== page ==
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Leading Thoughts

March 13, 2017
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SXSW: Flying Eye Hospital Provides Global Care, Training

Guest post by Emily Williams, Digital Strategist

There are 285 million blind or visually impaired people in the world. Yet, four in five of them suffer from conditions that are preventable or curable.

In a SXSW panel titled “Fighting Blindness with Tech Innovation and Access,” we learned how Orbis International, a non-profit, non-governmental organization dedicated to saving sight worldwide, uses its Flying Eye Hospital to not only provide high quality eye care and train local medical staff in developing countries, but to also provide education from the aircraft to virtually all corners of the globe.


“Blindness doesn’t just affect one person – it affects the entire family. Children don’t have the opportunity to grow and learn, and then communities remain in poverty,” said Dr. Daniel Neely, Professor of Ophthalmology at Indiana University and a volunteer of Orbis International.

Orbis International’s Flying Eye Hospital has been custom designed to offer medical technology and training to the developing world, and it is equipped with the tools the medical team needs to provide hands-on training to local eye care professionals in order for them to restore sight for patients in their own countries. Additionally, it features 3D technology and live broadcast capabilities enabling Orbis, with the help of volunteers, to train more doctors, nurses and healthcare professionals in areas where there is little access to professional development.

Dr. Danny Haddad, Chief of Program at Orbis International, noted that Orbis’ primary mission with the Flying Eye Hospital is to work with developing countries to create long-term eye care systems that are sustainable, affordable and accessible, creating workable solutions to the tragedy of blindness in those countries and ultimately restoring sight.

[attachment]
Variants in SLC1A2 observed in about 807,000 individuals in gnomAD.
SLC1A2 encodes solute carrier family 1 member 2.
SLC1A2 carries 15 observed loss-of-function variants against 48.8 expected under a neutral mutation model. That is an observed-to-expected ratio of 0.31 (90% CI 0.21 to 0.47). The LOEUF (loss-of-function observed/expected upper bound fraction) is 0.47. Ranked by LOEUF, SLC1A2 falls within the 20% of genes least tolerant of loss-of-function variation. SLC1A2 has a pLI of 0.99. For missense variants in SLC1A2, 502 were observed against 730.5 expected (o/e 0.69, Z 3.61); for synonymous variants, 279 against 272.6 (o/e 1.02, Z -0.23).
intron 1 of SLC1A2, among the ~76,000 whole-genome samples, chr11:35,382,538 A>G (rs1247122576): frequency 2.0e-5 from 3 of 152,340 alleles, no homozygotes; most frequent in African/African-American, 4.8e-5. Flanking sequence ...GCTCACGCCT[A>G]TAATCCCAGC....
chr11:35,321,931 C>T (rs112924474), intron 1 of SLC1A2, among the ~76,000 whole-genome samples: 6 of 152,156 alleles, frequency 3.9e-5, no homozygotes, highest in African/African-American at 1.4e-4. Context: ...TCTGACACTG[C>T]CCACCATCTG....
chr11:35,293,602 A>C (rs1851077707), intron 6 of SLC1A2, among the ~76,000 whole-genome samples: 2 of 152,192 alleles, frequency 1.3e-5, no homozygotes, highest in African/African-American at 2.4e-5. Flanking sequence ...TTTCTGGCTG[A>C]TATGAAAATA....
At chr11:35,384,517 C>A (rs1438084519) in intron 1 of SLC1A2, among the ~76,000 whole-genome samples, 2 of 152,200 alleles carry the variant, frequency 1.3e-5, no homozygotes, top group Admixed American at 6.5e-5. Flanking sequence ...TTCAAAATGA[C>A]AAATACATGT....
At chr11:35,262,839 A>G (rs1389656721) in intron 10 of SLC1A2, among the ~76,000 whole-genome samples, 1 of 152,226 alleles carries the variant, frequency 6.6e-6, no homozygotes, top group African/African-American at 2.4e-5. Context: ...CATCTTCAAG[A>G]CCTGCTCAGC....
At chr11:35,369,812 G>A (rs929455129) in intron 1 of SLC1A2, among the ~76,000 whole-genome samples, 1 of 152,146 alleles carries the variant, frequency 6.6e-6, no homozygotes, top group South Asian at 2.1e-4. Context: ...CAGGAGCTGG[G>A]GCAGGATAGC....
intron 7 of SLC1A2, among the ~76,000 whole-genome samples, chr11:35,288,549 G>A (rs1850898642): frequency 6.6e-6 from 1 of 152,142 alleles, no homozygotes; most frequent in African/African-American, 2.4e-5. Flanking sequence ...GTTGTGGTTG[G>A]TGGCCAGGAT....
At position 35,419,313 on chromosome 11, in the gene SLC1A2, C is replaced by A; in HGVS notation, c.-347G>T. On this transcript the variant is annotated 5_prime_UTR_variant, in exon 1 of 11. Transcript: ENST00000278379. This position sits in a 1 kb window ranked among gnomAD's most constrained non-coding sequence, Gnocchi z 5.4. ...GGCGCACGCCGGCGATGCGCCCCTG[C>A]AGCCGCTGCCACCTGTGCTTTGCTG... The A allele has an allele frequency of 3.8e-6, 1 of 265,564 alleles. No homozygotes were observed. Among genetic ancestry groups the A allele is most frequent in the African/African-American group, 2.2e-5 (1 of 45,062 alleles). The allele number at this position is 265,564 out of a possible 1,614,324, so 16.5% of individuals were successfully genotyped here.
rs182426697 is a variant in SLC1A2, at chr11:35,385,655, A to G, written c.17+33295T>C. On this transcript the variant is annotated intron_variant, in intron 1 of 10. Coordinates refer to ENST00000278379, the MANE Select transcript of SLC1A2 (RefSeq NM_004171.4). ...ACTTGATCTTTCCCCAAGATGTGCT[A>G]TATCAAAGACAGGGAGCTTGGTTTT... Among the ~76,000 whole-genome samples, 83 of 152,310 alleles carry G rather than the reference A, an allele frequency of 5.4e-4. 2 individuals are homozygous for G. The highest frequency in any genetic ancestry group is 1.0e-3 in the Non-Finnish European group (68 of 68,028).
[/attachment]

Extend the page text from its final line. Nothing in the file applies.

When asked about efforts in war zones and other areas of conflict, Dr. Neely noted that while the Flying Eye Hospital does not fly directly into those areas, the 3D technology and broadcast capabilities of the aircraft help train local medical professionals to provide quality eye care to those underserved populations. “That’s the power of telemedicine – experts at your fingertips.”

Telemedicine is a rapidly expanding area of healthcare service delivery that continues to show real promise, and Orbis has leveraged the communication technology for a profound impact on global public health. The evolution of this technology will only continue to grow and expand into other areas of healthcare, and we’re excited to see how this technology can be applied to help eliminate other preventable diseases and health conditions.

Want to tour the Orbis International Flying Eye Hospital? Click here – and be sure to get the full experience using a VR headset.

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